A water rate increase has been discussed for some time with advances being made under former Interim City Manager Bill McCain. With the hiring of City Manager Pat Crook, research and proposals have developed quickly to be readied by year's end.
Several factors have led to the need for a rate increase, chiefly among them is ballooning overhead expenses. An aging system, such as Adairsville's, needs constant maintenance as well as heftier outlays for integral machinery. On top of that, federal and state government entities have handed down mandatory regulations for quality control, safety and environmental concerns -- each of which add to operating costs. Lastly, the tiered rate structure, which will be included in any increase, has been mandated statewide to encourage water conservation and failure to comply can keep the city from receiving certain state aid or financing.
Tuesday's work session began with City Finance Director Roger Freeman giving an overlook of the city's three main revenue funds with end of the year projections. The general and gas funds are both expected to basically break even, which in today's economy Freeman said is a "feat in itself." The water fund, however, is expected to come in about $187,000 below projections. That number increased from 2009's deficit of more than $140,000, after adjusting for one-time unexpected revenue such as a large insurance claim.
"We have been in the process of talking about this for several months now. Former City Manager Larry Pratt actually brought to my attention about this time last year, we probably needed to look at the water rate structure," said Mayor Evan King. "With Mr. McCain and Mrs. Crook, both being objective to this issue, we've had fresh eyes to give us an indication of what our situation is."
Crook has formulated three proposals, each offering the city different levels of revenue and each with their own inherent advantages and disadvantages. The base rate, currently at $9.53, would be reduced to $6.90. From there each option diverges on an increasing volumetric rate, currently at $1.50 per 1,000 gallons.
The lowest option would increase the volumetric rate to $2.50 per 1,000 gallons. This "break even" rate as Crook suggested would offer approximately $21,690 in revenue leaving little room to cope with unexpected disasters or capital outlays in the form of upgrades or expansion.
The middle option would increase the volumetric rate to $2.75 per 1,000 gallons. This would produce approximately $198,690 in revenue, providing more room for unexpected expenditures.
The last option, which was Crook's original suggestion and her professional recommendation, would increase the volumetric rate to $3.25 per 1,000 gallons. Revenue produced from this option would be about $274,190, leaving what she feels to be adequate protection for needed maintenance and expenditures, as well as being the preferable option for government financing of capital projects demanding a rate structure adequate to repay debt service.
"The least of the options -- the $2.50 -- is what I would call a break-even number, that's a risky number. Option two has some net income here, but if you have some unforeseen circumstances, it's a little less risky than the break-even number. And then option one is one that I felt safe with. With option one, if the need were to arise that the city was mandated to do some major system improvement or renovation by some other governmental agency, say [the Environmental Protection Division] for example, than we could go to [the Georgia Environmental Finance Authority] or the broad market and borrow the money. With options two and three, the lower rates, it would be difficult if even possible to borrow money," Crook said.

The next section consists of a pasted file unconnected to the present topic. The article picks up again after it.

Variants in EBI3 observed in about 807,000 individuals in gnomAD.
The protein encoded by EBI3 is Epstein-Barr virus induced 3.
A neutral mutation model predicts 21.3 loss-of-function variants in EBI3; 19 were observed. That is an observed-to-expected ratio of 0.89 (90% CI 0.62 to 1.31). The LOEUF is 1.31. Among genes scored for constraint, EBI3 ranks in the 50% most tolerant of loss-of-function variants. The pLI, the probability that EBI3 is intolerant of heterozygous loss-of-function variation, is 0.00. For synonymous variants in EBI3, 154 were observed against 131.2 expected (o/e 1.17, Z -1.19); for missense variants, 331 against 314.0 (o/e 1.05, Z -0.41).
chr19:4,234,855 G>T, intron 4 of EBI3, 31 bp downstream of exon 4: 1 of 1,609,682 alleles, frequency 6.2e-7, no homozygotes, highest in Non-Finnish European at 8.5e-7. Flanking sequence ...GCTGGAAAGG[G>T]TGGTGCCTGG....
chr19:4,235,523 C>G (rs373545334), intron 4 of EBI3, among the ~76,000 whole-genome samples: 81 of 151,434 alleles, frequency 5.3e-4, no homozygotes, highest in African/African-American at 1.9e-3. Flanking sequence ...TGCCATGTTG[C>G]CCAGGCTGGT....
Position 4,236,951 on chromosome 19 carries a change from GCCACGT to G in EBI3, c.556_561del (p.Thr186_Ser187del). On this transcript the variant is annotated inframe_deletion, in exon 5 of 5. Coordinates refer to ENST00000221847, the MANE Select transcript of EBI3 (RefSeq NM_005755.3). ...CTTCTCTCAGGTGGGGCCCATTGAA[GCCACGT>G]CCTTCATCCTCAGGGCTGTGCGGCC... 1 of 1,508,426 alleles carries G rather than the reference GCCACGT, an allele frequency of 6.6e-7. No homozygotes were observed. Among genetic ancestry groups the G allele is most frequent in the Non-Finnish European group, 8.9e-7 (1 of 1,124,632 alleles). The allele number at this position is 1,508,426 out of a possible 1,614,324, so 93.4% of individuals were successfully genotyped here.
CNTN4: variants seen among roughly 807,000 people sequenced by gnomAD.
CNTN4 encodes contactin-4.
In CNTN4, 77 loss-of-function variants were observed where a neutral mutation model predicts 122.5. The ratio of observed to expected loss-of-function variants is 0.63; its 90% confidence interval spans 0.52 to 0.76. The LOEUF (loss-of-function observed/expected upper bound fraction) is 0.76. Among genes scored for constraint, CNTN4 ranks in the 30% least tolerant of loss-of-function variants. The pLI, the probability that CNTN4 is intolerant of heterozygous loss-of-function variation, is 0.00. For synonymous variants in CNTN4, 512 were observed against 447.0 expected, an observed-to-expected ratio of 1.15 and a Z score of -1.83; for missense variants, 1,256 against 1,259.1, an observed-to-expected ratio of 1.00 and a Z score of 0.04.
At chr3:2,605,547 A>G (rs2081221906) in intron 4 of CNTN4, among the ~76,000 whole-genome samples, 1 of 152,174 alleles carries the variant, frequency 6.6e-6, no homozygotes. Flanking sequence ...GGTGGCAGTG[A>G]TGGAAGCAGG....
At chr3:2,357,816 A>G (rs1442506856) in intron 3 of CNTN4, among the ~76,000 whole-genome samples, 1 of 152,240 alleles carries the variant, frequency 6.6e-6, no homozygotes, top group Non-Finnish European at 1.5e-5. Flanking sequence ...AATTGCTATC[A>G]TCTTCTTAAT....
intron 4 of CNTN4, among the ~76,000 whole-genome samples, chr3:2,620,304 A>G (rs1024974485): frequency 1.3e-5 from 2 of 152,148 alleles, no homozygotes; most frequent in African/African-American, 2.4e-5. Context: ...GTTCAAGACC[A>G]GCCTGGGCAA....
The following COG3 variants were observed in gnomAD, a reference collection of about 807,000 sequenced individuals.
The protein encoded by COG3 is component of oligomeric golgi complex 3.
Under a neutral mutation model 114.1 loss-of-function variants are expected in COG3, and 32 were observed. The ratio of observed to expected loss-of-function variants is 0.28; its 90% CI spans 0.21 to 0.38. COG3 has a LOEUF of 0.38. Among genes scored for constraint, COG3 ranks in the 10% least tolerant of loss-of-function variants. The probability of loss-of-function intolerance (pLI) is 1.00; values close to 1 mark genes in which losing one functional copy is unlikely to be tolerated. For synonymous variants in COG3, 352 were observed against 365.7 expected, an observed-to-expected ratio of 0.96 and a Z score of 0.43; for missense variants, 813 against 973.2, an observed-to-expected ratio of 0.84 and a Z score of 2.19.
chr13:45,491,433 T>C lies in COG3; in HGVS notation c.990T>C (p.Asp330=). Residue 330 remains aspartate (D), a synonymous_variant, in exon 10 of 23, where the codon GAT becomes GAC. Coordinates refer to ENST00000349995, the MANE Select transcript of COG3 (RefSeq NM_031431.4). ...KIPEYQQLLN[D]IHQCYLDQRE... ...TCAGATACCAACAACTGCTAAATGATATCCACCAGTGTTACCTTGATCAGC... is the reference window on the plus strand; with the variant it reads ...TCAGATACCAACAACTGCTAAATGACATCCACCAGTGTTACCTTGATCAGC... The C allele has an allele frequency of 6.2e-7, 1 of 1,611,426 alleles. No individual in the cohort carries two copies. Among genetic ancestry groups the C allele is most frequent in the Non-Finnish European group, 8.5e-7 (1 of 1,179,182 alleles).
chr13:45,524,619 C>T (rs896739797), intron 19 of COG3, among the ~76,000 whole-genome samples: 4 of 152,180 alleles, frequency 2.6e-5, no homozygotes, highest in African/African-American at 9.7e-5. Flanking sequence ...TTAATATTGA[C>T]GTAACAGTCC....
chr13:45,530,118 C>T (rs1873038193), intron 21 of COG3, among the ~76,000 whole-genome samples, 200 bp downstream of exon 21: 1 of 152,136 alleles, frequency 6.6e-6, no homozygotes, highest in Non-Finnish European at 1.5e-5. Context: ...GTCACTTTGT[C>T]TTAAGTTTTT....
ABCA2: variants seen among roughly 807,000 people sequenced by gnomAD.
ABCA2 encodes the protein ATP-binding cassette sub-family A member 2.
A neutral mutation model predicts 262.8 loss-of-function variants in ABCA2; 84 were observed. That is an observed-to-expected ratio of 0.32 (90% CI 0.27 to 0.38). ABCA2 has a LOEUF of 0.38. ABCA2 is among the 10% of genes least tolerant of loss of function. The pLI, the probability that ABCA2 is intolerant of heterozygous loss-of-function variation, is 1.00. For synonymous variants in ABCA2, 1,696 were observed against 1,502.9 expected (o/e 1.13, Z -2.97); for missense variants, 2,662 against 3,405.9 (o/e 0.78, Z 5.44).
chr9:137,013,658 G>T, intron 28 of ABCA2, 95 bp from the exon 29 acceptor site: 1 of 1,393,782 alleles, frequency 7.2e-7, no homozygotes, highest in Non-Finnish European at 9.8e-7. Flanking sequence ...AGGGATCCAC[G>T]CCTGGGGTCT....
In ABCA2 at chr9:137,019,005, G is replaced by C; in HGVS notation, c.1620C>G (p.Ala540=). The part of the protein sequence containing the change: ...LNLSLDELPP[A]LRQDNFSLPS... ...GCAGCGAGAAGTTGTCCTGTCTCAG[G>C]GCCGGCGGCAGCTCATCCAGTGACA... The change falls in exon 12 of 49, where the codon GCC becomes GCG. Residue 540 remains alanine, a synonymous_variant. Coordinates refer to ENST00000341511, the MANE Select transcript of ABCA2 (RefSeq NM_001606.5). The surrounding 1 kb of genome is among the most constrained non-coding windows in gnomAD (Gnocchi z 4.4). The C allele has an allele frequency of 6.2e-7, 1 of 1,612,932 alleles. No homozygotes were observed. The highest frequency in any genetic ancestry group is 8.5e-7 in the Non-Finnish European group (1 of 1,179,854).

Although the mayor and Crook were strongly in favor of the originally proposed rate at $3.25 per 1,000 gallons, some councilmen were not thrilled with the proposal. Most vocally opposed to the highest proposed rate increase were Councilmen Allen Towe and Connie Morrow. Towe asked Crook and Freeman to again look over the proposed 2011 budget to cut expenses, allowing for a lower rate. The mayor insisted that the water department runs on a tight budget as it is and that cuts of 3 percent to 5 percent, as suggested by Towe, would not be likely without personnel loss.
In contrast, Councilman Buddy Bagley voiced his approval of Crook's suggestion at $3.25 per 1,000 gallons citing the need for a financial decision to be made in the city's best interest.
Crook noted that had increments been imposed when the issue was first broached the increase would not need to be so large and the city would in essence have to make up for lost time. She added that any time spent delaying an increase would only make the decision more difficult in the future.
"Had it been incrementally increased over the years, it would probably be at a higher rate than this [option] now. Having said that, the longer we postpone the inevitable, the bigger that impact is going to be. So it'll have to catch up one day, delaying it further could make it even increase," Crook said.
The council will vote on these options Thursday at their regular meeting along with two other agenda items.
Being voted on is group medical renewal with Blue Cross Blue Shield for city employee dental plans. This plan will be the same as last year with minor changes. For more information, contact city hall. Enrollment meetings will be held beginning next week.
Last on the agenda is a proposed budget revision for fiscal year 2010 to reflect the water fund deficit.
The Adairsville City Council will meet Thursday at 7 p.m. at city hall.